Nah, that would never happen.

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About The Tim

Tim Ellis is the founder of Seattle Bubble. His background in engineering and computer / internet technology, a fondness of data-based analysis of problems, and an addiction to spreadsheets all influence his perspective on the Seattle-area real estate market. Tim also hosts the weekly improv comedy sci-fi podcast Dispatches from the Multiverse.

86 comments:

  1. 1

    I think if you go back to about December there were similar calls of panic because rates were rising. There are two differences between now and then. First, you could have easily predicted this current increase due to the change in policy in supporting mortgage backed securities. Just the uncertainty over that change would result in a rise in rates. Second, because of the change in policy we don’t really know as well what the future holds. Back in December I was a bit more willing to brush off the move up as just as likely being temporary as being the start of a move up. This time it’s perhaps a bit more likely that it is the start of a move up, but it could also simply be another blip.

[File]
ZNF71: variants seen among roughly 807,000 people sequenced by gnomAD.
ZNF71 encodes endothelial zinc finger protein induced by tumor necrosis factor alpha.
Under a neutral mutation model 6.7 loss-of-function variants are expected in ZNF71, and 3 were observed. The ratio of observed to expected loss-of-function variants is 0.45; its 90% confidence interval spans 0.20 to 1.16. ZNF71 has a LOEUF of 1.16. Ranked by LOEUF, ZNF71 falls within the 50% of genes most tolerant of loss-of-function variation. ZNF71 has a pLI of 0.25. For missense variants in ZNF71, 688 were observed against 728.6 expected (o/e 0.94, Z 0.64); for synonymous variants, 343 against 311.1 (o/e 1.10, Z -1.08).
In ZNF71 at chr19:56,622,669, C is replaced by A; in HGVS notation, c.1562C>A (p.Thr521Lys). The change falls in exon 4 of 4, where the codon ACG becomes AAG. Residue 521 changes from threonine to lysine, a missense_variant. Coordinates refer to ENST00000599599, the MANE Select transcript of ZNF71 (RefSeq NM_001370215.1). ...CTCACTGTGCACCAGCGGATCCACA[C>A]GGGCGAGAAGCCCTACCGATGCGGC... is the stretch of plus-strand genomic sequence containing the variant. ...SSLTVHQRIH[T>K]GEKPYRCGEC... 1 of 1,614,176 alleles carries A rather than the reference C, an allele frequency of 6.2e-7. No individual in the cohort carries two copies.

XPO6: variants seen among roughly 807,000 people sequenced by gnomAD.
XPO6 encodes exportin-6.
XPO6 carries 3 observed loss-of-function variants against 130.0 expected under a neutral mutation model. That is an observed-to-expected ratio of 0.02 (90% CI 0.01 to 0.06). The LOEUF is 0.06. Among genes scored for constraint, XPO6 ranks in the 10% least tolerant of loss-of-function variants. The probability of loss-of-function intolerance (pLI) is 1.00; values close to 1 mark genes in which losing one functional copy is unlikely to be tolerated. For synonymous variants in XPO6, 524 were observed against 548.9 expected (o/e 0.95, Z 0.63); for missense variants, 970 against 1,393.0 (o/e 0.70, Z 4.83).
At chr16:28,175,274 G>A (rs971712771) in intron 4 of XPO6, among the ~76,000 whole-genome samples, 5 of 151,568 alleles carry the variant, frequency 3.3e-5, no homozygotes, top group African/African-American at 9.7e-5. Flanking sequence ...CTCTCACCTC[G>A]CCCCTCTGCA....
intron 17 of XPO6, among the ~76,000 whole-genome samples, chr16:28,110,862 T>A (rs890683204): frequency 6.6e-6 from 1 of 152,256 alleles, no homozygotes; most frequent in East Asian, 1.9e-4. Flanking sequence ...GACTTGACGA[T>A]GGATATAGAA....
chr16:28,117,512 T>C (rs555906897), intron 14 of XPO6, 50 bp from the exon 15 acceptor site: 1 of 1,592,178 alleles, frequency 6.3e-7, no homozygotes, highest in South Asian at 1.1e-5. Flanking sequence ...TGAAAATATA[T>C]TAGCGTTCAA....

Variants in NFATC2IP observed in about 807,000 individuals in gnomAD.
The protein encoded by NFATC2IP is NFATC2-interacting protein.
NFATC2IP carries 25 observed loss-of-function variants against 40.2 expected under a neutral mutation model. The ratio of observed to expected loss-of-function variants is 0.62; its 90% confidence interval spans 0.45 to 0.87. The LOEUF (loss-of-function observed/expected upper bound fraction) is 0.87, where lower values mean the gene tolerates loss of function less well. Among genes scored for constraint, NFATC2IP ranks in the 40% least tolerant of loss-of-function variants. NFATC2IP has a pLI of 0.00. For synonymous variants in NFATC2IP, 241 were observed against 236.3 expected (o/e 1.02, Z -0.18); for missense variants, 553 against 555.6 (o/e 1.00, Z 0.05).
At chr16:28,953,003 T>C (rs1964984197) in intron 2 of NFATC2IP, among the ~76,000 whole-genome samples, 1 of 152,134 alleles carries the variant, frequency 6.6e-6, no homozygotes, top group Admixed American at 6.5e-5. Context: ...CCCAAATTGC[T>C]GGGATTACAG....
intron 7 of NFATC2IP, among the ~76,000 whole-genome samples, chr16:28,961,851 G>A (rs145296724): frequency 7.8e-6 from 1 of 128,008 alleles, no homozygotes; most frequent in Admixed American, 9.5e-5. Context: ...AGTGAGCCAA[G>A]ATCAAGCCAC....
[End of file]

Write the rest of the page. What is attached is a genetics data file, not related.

2. 2

    Yes, the days of dropping house prices is over, and from now on until eternity, house prices only go up. If you combine that with rising interest rates, nobody will ever again afford to be a home buyer unless you do it right now.

  3. 3
    ray pepper says:

    High rates? Have seller pay your points down! Works great! Builders are buying rates down to 3.5% everyday.